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Oakland, CA, United States

Yandell M.,University of Utah | Huff C.,University of Utah | Hu H.,University of Utah | Singleton M.,University of Utah | And 4 more authors.
Genome Research | Year: 2011

VAAST (the Variant Annotation, Analysis & Search Tool) is a probabilistic search tool for identifying damaged genes and their disease-causing variants in personal genome sequences. VAAST builds on existing amino acid substitution (AAS) and aggregative approaches to variant prioritization, combining elements of both into a single unified likelihood framework that allows users to identify damaged genes and deleterious variants with greater accuracy, and in an easy-touse fashion. VAAST can score both coding and noncoding variants, evaluating the cumulative impact of both types of variants simultaneously. VAAST can identify rare variants causing rare genetic diseases, and it can also use both rare and common variants to identify genes responsible for common diseases. VAAST thus has a much greater scope of use than any existing methodology. Here we demonstrate its ability to identify damaged genes using small cohorts (n = 3) of unrelated individuals, wherein no two share the same deleterious variants, and for common, multigenic diseases using as few as 150 cases. © 2011 by Cold Spring Harbor Laboratory Press. Source


Disclosed is a method for determining whether an individual has an enhanced, diminished, or average probability of exhibiting one or more phenotypic attributes and related methods of selecting a set of genetic markers; for providing relevant genetic information to an individual; of evaluating the probability that progeny of two individuals of the opposite sex will exhibit one or more phenotypic attributes; and for determining the genomic ethnicity of an individual.


Patent
Omicia Inc. | Date: 2011-09-09

Disclosed are methods for detecting and/or prioritizing phenotype-causing genomic variants and related software tools. The methods include genomic feature based analysis and can combine variant frequency information with sequence characteristics such as amino acid substation. The methods disclosed are useful in any genomics study; for example, rare and common disease gene discovery, tumor growth mutation detection, personalized medicine, agricultural analysis, and centennial analysis.


Disclosed is a method for determining whether an individual has an enhanced, diminished, or average probability of exhibiting one or more phenotypic attributes and related methods of selecting a set of genetic markers; for providing relevant genetic information to an individual; of evaluating the probability that progeny of two individuals of the opposite sex will exhibit one or more phenotypic attributes; and for determining the genomic ethnicity of an individual.


Grant
Agency: Department of Health and Human Services | Branch: | Program: SBIR | Phase: Phase I | Award Amount: 149.17K | Year: 2010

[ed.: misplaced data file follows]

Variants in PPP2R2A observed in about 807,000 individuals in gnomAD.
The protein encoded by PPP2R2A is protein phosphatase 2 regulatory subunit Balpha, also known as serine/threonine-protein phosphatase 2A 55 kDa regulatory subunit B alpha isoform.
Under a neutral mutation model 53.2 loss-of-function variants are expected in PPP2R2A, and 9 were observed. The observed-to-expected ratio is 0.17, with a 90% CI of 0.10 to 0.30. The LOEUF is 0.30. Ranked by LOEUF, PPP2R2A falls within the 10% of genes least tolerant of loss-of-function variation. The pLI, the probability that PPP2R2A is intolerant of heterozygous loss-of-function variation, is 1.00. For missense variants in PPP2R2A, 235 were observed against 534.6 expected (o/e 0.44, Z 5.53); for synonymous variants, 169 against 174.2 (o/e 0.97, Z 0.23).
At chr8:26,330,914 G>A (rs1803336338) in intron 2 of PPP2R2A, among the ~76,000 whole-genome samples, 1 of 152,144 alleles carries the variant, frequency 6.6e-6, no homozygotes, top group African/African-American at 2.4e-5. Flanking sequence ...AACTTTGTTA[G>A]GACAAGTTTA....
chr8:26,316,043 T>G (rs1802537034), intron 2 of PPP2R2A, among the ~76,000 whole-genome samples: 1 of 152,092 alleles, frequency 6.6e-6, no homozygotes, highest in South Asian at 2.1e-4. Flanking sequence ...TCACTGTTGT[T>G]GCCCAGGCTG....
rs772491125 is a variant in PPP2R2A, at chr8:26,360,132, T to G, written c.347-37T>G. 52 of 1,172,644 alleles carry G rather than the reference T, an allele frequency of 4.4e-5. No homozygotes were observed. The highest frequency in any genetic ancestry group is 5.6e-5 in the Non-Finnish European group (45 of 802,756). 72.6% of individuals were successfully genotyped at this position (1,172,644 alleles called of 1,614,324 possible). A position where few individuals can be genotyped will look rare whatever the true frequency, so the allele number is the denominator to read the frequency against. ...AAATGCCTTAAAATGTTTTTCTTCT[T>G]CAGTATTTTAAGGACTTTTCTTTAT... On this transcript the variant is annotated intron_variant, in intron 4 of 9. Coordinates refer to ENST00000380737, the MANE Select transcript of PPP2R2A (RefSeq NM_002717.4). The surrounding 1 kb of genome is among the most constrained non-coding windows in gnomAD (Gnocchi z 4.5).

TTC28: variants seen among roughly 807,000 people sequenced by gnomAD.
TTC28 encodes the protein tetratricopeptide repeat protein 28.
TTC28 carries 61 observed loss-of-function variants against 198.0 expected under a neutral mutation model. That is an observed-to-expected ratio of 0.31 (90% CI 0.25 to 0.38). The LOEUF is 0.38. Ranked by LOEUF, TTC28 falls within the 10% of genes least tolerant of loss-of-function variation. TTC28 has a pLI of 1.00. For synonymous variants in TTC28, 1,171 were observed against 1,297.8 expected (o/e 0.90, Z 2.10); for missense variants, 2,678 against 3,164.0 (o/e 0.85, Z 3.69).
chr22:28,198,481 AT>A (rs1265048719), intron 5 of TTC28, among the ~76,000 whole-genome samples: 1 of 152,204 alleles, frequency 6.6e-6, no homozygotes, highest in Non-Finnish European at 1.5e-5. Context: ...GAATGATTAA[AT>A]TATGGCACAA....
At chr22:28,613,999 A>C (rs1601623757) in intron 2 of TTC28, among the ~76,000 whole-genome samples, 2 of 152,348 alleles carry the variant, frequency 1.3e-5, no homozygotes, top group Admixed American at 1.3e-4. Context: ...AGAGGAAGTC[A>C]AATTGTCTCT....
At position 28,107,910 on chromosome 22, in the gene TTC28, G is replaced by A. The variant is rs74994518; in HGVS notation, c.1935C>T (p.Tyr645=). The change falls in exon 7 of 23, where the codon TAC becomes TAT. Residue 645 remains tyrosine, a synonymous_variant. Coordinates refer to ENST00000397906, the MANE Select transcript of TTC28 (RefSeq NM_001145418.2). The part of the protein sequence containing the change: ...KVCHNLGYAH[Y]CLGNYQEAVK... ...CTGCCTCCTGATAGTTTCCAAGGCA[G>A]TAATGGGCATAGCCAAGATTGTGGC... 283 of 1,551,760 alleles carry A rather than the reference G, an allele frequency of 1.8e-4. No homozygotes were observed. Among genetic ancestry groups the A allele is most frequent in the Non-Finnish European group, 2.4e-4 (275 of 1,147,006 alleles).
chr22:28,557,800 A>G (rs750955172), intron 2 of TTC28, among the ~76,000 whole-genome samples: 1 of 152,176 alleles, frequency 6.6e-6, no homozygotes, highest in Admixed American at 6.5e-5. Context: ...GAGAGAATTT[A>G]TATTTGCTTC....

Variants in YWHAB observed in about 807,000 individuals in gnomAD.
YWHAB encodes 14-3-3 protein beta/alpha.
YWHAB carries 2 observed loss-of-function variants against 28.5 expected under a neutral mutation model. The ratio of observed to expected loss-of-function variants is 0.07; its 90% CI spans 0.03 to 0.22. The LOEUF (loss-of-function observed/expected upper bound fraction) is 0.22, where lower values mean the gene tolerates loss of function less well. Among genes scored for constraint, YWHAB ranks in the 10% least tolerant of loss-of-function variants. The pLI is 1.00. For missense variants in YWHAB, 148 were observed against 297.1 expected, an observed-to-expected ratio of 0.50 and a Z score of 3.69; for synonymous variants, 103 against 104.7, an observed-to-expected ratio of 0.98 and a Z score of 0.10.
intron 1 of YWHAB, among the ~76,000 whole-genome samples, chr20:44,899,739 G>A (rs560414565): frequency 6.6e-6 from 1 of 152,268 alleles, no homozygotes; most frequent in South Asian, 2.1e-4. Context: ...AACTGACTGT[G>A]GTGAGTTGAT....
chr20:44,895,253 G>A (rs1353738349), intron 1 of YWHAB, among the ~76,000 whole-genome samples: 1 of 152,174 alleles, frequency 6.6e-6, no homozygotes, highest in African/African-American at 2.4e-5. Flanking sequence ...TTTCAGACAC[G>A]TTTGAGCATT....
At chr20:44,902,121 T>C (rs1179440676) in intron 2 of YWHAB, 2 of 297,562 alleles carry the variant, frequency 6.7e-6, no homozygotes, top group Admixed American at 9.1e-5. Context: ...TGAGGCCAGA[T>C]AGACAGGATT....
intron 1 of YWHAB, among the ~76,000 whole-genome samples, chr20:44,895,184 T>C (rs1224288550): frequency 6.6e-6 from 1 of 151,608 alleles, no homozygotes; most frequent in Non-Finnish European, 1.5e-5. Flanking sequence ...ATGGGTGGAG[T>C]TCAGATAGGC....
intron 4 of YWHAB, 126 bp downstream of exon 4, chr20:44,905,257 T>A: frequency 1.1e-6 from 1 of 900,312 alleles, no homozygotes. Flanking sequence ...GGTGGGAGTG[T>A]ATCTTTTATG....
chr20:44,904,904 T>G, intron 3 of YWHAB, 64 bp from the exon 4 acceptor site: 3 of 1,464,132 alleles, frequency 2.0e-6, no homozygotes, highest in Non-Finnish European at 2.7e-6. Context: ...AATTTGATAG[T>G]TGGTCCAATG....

DESCRIPTION (provided by applicant): High-throughput sequencing technologies are beginning to deliver complete individual genome sequences. However, significant barriers still obstruct the use of these data for basic research and in clinical evaluation for personalized medicine. One major barrier is the absence of tools for variant annotation with respect to disease. Our goal is to overcome this barrier by creating for sequence variants a suite of tools similar to those that exist for gene annotation. Although disease, gene and sequence ontolgies already exist, systematically interrelating (harmonizing) them to one another in a manner that will support effective variant annotation is a major task. We will use state of the art protocol for biomedical ontology development, ensuring interoperability and usability to achieve this goal. The research proposed in this application has three aims. In Phase I we will harmonize and interrelate existing ontologies for variant and disease annotation, with a specific focus on cardiovascular disease (CVD). In Aim 2 we will curate an existing CVD gene collection compiled at Omicia Inc. consisting of 336 CVD disease genes to the harmonized ontology. In Aim 3 we will annotate the variants and implications of each variation for ten personal genomes. Our plan is to begin with a proof-of-concept project to develop an ontology for annotating personal sequence variants in genes implicated in CVD. In phase II we intend to expand the ontology to a broader coverage of disease, utilizing the lessons we learn from phase I. This firm logical foundation will allow us to build a suite of commercial strength software for variant annotation to provide a much needed tool for personal genomics. PUBLIC HEALTH RELEVANCE: This project will produce a modular, harmonized ontology for the description of personal genomic sequence variants with respect to cardiovascular disease (CVD). This will in turn provide a means to generate detailed, clinically relevant genetic-signature reports. This work will be preformed in partnership with Omicia Incorporated. Omicia's goal is to provide content and analysis tools for molecular diagnostic tests using personal genome sequences. The tools produced by this project will promote better public health and provide significant commercial opportunities.

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